DB: It was sick. The girls are amazing. There’s one shot of the girls at the ball where zombies have broken in and are attacking, and the girls fan out in this beautiful V-formation in these beautiful period dresses and kick open the slits in their dresses and pull out daggers and just slay the zombies. It’s pretty cool to see. And my character is there just panicking!


YH: How would you personally try to handle a zombie attack?

BH: I would hope that I could make use of my martial arts training!

DB: I would find some beautiful, lovely person and take them to go hide in some remote valley somewhere.





YH: What was it like receiving this project?

BS: It was actually something I knew was out there, because a lot of people had taken shots at trying to get it made. But I had a take on it that I was really confident would work. So I went in there and rewrote it and made it happen. I wasn’t eating bon-bons and just thought, “I think I will do this.” [laughs]


YH: How much of a challenge was it to adapt it?

BS: I approached it the way I would a play. We set up this alternate world where a zombie epidemic had taken place and everyone had grown up with that all their lives, and then set Pride and Prejudice within that world. In the way that if you were to set Richard III in Germany.


YH: How did you go about balancing the romance and the horror? What can we expect from the tone of the movie?

BS: I didn’t do horror for horror’s sake, or romance for romance’s sake. It was really about style coming out of substance and having you invested in these characters, so when they are at risk, you really are worried about them. The zombies don’t seem like just mindless zombies; they feel like a real risk.


YH: Were there any representations in film or literature that inspired your zombies?

BS: From a literary standpoint, Richard Matheson’s I Am Legend was a big inspiration. The idea that they are still retaining some of who they were as people and that there is a brain working there. That they are not just some walking thing waiting to get decapitated made it more formidable. They don’t view themselves as monsters; they view themselves as competing with the human race. There’s so much in I Am Legend.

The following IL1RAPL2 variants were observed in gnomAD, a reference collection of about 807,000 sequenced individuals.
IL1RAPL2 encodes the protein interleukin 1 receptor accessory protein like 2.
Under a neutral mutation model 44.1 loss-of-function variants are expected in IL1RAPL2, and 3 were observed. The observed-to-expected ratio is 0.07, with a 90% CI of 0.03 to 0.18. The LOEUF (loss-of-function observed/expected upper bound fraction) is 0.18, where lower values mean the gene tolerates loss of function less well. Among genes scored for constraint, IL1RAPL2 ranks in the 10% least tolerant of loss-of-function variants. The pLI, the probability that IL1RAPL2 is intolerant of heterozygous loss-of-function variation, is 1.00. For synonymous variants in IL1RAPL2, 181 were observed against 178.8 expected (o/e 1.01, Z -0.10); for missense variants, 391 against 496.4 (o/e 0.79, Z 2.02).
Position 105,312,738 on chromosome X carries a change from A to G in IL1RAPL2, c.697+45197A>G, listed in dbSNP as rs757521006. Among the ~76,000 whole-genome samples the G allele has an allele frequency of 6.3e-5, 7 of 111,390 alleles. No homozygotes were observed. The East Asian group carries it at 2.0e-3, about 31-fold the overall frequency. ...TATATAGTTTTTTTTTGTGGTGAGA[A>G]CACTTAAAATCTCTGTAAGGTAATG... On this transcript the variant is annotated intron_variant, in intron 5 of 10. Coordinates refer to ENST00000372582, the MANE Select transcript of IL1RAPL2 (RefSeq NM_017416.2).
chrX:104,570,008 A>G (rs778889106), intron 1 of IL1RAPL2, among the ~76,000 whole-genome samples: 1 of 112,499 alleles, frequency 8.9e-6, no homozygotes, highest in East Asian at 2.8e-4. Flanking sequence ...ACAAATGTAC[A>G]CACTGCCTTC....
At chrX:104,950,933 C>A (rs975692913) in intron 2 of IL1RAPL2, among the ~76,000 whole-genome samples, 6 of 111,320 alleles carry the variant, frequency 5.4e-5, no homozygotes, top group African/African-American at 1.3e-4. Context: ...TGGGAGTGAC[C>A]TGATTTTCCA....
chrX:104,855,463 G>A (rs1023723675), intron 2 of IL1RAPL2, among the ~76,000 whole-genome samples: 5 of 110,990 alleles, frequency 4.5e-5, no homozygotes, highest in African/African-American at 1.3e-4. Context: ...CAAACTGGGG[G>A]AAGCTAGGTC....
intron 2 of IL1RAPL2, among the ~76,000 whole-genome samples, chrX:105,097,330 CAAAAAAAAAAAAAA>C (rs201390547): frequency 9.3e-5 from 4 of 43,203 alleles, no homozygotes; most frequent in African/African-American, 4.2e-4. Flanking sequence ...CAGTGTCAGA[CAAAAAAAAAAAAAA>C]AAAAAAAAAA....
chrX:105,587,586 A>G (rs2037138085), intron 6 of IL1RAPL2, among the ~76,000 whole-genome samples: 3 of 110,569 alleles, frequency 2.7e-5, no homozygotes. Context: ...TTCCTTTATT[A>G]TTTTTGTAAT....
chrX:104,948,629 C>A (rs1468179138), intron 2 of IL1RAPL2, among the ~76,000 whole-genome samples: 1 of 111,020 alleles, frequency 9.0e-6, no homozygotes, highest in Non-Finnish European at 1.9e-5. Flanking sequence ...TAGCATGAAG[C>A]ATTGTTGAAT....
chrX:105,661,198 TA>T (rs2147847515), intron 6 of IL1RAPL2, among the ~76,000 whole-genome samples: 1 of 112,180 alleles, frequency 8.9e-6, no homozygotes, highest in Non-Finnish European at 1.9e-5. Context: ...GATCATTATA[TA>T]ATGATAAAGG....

YH: Were there any unique challenges to filming this story?

BS: There were the basic ones, like money and time. But shooting in England was great. The young English cast was so professional. They kept each other in check, because they’re all part of the same group. It was amazing. They would show up knowing the scenes and have ideas. They were really collaborative on making this work.


YH: Were there other adaptations of Pride and Prejudice that influenced your work?

BS: The Laurence Olivier version isn’t ultimately very good, because it was adapted for the stage and was really watered down. But the screenplay was written by Upton Sinclair, and he included a lot of clever context and lines that work on more than one level. That was something I went back to look at. The sisters do all look like they are in their 50s playing daughters, but the mom is an old Broadway performer and she’s hilarious. I had seen the other productions, but I didn’t really study anything.


Check out the first trailer for P&P&Z below!




Pride and Prejudice and Zombies will hit theaters on February 5, 2016!


(Photo via Eric Charbonneau/Invision for Screen Gems/AP Images)

- Sarah Osman, YH Staff